Hiring a contractor to work on your house comes with many legal questions, including who is liable for unfinished work, damages to the property, and even damages to the contractor’s property or injury. While all reputable contractors are licensed and insured, this doesn’t necessarily cover injury due to faulty premises. It is important to understand what your responsibilities as a property holder are when inviting an individual into your home. Because, yes, you can be held responsible for injuries sustained by a contractor who is working on your property.
As a homeowner, you are considered responsible for the safety of the people you welcome onto your property. This duty, known as premises liability, extends to guests, visitors, and workers including landscapers, general contractors, housekeepers, and nannies.
How Responsible Are You for a Worker at Your Home?
If a person has been invited into your home, you hold the highest level of responsibility for their safety. Classified as invitees, these individuals include workers and service providers. As the homeowner, your four main responsibilities are:
- To search your property for unknown or hidden hazards
- To repair recognized hazards in a reasonable amount of time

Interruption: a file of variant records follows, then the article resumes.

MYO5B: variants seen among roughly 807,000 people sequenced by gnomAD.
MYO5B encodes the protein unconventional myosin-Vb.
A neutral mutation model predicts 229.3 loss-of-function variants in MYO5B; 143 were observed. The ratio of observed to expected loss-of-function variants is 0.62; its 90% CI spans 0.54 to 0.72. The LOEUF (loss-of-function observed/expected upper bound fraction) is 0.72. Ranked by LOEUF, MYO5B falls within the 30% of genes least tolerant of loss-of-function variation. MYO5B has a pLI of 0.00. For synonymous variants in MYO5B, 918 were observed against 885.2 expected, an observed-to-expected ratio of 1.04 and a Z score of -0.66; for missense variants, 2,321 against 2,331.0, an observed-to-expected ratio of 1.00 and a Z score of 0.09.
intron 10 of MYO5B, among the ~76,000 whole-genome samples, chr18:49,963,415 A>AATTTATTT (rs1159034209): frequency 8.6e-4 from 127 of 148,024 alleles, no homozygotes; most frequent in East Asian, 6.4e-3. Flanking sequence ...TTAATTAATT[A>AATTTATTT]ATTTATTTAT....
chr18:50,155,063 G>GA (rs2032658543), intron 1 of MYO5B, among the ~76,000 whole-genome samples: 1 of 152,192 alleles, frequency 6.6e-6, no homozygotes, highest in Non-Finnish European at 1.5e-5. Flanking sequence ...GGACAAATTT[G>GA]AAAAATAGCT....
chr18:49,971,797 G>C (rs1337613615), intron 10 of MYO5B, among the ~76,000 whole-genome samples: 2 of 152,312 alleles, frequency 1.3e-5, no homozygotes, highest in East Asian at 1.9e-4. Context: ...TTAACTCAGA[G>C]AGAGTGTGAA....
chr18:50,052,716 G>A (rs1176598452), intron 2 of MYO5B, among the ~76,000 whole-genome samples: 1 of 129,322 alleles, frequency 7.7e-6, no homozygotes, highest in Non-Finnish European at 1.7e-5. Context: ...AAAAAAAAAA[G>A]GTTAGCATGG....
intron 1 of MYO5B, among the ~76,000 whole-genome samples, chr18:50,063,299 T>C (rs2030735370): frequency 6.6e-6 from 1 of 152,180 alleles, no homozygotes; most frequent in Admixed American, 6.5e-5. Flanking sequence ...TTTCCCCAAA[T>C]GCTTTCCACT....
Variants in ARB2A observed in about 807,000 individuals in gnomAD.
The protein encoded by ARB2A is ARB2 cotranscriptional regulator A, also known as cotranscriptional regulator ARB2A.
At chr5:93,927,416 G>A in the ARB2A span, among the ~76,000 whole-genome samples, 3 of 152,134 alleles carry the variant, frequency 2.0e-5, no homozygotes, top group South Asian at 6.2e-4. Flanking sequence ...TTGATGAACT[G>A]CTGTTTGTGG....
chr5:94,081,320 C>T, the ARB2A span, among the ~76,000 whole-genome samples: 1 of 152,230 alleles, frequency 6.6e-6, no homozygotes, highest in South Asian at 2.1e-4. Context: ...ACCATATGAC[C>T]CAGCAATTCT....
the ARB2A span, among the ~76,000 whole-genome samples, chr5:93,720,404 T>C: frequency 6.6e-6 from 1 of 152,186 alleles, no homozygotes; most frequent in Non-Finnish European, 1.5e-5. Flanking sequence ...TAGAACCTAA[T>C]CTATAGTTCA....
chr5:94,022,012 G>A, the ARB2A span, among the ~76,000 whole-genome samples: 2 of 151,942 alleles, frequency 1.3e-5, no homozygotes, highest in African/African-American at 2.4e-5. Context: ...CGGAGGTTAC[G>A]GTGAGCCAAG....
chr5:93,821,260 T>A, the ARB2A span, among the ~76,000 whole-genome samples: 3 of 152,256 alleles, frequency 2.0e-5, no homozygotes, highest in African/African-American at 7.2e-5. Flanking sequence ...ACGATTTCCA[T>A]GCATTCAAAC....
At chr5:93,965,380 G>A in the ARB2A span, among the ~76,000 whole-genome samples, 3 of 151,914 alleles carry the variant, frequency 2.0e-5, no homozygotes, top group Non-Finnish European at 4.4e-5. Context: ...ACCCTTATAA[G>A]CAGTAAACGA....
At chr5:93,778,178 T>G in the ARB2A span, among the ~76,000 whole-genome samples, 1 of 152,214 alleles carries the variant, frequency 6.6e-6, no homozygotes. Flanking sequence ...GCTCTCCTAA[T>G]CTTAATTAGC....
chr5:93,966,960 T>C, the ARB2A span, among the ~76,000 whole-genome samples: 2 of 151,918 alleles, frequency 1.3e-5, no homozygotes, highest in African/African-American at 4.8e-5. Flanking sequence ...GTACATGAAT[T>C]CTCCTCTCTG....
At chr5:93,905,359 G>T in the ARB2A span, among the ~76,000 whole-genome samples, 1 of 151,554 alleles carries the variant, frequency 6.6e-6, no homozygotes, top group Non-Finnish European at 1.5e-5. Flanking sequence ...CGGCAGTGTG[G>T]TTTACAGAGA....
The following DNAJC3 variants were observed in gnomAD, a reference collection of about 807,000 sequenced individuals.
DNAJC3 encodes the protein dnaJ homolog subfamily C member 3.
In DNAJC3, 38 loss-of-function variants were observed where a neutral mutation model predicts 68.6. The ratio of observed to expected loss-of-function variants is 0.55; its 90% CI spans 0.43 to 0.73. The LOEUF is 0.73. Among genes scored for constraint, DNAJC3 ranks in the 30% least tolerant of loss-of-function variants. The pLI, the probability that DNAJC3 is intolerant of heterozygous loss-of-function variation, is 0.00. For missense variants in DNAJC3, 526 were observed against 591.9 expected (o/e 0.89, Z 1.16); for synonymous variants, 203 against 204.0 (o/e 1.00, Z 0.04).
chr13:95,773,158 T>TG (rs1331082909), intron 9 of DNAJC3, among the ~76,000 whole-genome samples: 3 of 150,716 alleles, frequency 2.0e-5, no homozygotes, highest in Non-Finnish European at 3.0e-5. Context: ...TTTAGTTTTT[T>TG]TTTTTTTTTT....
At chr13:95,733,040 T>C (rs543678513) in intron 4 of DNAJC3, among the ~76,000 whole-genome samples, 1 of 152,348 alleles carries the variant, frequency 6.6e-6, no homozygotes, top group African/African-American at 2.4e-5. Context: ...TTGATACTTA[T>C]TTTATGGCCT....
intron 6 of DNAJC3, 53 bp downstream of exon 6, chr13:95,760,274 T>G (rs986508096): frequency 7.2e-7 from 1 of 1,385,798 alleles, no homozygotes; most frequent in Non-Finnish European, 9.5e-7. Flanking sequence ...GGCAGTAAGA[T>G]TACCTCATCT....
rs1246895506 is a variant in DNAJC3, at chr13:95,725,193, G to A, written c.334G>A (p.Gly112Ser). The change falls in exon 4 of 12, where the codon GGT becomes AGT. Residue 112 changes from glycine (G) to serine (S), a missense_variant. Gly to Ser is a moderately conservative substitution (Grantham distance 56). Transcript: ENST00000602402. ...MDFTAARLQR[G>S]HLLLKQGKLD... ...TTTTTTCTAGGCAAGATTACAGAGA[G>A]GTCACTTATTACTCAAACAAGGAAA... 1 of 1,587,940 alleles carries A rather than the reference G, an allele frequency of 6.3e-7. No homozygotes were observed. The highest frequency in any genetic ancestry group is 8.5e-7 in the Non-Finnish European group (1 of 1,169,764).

- To warn invitees of existing hazards
- To not cause an injury through a wanton or willful act
If you fail to perform these responsibilities, and an accidnet happens because of one of these failures, you could be held legally responsible. However, in order to be held liable, the worker must prove intentional neglect of your duties.
Can You Minimize Responsibility When Workers are at Your Home?
It depends. If you maintain low control over a project within your home – allowing the contractor to manage the project – the contractor will likely bear some liability for injuries sustained on the worksite. It is important to remember, though, that you are still required to provide a safe work environment.
Who Will Pay if a Worker is Injured at Your Home?
If you are found liable for a worker’s injuries sustained while servicing your home, your homeowners insurance company should cover the legal costs, including any and all injuries to workers and contractors at your home. You may run into trouble if your insurance company finds carelessness or negligence as a contributor to the accident. Your insurance company may withhold coverage in a premises liability lawsuit if the firm believes you contributed to the accident by failing to care for your property’s safety.
If you are facing the potential of a premises liability lawsuit, an attorney experienced in Florida’s laws regarding the matter can help you understand your situation and potential outcomes. If you decide you need assistance, the team at Cohen & Newmark can offer experienced attorneys and professionals who understand the nuances of these responsibilities and lawsuits. Call Lee today for your free consultation.